Microbe normalized counts (in log2 scale) are first classified as either ‘low’ or ‘high’ using a threshold that is derived for each microbe species (Fig. 2a). An example of a Boolean implication rule is “if there is a high number of microbe A, then there will almost always be a low number of microbe B”, or A high → (implies) B low. There are six possible Boolean implication relationships: four asymmetric (A low → B low, A low → B high, A high → B low, and A high → B high) and two symmetric relationships (A equivalent B, and A opposite B). A low → B low is asymmetric because it is different from B low → A low, and the same applies to other asymmetric Boolean implication relationships. The convention used in this paper is to write Boolean implications with the microbe on the x-axis first; however, there exists a contrapositive relationship for each asymmetric Boolean implication, which is obtained by stating the microbe on the y-axis first and inverting low values to high values, and vice versa. For instance, A high → B low is identical to B high → A low.
Although our method of Boolean implication analysis has not been widely used in microbiology, a group of researchers attempted to use the method to perform analysis on microbiome data . In their research, they analyzed environmental data from Visualization and Analysis of Microbial Population Structures (VAMPS) (http://vamps.mbl.edu/diversity/diversity.php) and focused specifically on marine microbes. Their research differs from ours in the aspect of diversity as we want to determine relationships that are present in a broader range of microbiomes, including humans, animals, and the environment. While this research demonstrates the impact Boolean implication analysis will have on microbiome analysis, we want to incorporate a larger and greater variety of samples. By having a wider array of samples, we want to find microbe relationships that not only exist in the environment, but also in humans and animals.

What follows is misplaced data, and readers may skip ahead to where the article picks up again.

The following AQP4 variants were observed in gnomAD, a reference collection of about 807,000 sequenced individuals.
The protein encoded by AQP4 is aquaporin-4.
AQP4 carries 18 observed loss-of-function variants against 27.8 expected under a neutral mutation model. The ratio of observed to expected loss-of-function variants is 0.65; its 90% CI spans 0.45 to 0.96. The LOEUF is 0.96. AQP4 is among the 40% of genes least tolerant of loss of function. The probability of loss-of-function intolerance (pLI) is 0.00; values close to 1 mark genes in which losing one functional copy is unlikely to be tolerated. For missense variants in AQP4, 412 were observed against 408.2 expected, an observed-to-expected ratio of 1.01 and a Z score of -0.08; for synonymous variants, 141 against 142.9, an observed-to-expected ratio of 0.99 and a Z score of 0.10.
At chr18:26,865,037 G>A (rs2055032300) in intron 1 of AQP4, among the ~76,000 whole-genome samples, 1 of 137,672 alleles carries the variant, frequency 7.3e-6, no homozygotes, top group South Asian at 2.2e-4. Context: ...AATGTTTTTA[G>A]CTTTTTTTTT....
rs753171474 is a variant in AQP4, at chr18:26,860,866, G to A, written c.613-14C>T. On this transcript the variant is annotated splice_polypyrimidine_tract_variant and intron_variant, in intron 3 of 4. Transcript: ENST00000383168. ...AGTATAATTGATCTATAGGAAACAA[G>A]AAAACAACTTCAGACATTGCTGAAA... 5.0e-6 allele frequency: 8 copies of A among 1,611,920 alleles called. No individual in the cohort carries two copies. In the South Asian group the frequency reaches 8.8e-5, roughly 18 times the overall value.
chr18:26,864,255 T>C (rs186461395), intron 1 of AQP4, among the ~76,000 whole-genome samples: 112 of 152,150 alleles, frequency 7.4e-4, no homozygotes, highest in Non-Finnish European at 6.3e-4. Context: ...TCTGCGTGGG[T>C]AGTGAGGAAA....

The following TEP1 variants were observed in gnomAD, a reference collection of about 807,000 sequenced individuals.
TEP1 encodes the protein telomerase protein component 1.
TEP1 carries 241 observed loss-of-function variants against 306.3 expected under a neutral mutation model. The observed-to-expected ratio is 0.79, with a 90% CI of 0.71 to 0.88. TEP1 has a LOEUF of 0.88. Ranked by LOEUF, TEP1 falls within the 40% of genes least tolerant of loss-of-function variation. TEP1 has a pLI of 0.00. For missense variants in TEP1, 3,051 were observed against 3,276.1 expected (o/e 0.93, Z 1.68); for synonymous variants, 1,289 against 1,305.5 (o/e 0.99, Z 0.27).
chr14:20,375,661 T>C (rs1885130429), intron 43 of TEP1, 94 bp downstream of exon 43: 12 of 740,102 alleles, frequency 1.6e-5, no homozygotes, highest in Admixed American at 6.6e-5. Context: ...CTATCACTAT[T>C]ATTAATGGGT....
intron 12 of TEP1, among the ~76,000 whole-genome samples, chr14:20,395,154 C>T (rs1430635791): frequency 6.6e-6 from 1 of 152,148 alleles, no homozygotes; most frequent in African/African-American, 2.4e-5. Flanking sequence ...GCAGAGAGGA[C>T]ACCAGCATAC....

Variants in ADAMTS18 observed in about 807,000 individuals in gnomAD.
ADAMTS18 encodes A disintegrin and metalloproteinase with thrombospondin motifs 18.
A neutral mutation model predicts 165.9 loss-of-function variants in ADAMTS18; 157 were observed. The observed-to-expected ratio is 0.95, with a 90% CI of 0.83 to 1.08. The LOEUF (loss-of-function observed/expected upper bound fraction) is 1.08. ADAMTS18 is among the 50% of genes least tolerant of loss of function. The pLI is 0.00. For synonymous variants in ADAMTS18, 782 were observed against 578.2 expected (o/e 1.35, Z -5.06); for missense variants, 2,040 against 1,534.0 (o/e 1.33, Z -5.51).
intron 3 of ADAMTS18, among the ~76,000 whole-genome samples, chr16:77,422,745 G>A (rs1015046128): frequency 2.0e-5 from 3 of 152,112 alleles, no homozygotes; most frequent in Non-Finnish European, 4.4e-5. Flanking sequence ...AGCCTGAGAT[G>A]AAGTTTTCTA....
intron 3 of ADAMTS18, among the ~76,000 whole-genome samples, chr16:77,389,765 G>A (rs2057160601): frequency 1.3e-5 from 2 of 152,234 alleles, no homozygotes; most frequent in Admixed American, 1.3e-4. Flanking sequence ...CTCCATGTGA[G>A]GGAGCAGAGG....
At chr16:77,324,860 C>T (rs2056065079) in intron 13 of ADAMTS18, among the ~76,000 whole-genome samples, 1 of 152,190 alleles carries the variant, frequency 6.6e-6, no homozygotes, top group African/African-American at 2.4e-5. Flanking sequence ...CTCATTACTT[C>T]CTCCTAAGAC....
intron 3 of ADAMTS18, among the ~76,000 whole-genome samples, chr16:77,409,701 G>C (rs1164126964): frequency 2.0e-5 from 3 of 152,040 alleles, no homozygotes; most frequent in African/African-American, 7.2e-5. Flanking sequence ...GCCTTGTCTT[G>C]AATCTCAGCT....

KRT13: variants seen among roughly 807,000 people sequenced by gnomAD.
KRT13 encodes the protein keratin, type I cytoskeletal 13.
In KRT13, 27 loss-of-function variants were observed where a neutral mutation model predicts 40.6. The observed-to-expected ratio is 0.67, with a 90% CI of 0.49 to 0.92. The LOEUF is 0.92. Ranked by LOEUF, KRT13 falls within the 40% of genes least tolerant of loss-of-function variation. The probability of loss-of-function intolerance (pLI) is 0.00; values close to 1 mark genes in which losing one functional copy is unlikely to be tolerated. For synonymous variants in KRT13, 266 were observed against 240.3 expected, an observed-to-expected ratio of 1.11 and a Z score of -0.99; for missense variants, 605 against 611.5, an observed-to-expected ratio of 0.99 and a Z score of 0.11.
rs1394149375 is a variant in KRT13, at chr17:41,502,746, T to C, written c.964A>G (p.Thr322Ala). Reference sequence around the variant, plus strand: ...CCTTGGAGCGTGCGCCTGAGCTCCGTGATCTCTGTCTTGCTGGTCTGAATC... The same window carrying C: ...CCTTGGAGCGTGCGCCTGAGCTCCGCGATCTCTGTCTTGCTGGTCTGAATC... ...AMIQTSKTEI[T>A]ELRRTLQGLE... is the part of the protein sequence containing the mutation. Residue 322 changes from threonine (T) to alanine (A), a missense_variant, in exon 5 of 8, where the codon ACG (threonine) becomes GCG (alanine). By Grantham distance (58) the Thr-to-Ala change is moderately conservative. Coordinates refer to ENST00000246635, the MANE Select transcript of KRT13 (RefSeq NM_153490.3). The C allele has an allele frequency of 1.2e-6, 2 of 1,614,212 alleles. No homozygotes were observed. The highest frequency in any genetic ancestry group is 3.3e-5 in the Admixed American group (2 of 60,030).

Boolean methods have the potential to uncover universal invariants
Since Boolean implication analysis captures relationships that are often overlooked in the existing methods of analysis, we aim to uncover candidate invariants between pairs of microbes that are likely applicable to every microbe community. For example, if we find a recurring Boolean relationship between two microbe species in our large and diverse datasets, we expect this relationship to be a promising candidate invariant. This research includes more diverse datasets and a novel mathematical model compared to past studies, which helps produce stronger universal candidates.
The goal of this research is to comprehensively identify Boolean relationships that are likely universal. Through Boolean implication analysis, we will be able to determine candidate universal invariants within diverse microbe communities. Since these universal rules are expected to be robust, it can be translated to a clinical domain because fundamental rules should appear irrespective of diseases. These candidate universal invariants provide a basis in which scientists could use to determine how microbes are associated with diseases and make the process of identifying diseases easier because we expect these relationships to hold in the general population. Therapeutic use of microbes depends on their reproducibility in the general population, which makes our approach more suitable for discovering appropriate microbes.
Many universal Boolean relationships were uncovered using the proposed method of Boolean implication analysis. These pooled datasets are comprised of a variety of environmental, animal, and human samples. A main dataset was used to perform Boolean analysis for approximately 365 million microbe pairs and we discovered about 27 million relationships (Fig. 2b) with a high statistical significance (false discovery rate (FDR) of 2.3 × 10–4). We also used three pooled independent datasets to validate these relationships (with FDRs of 3.3 × 10–4, 4.4 × 10–4 and 2.1 × 10–4 respectively), and found approximately 330,000 relationships that were consistent throughout all four datasets. We present some relationships in Figs. 2 and 3 that have a superior BooleanNet statistics (S, p) with higher independence statistic (S), lower error rate (p) and an underlying biological relevance. Figure 2 is mainly used to present the possible types of Boolean relationships found in microbiomes while Fig. 3 displays some of the biological properties associated with certain microbes.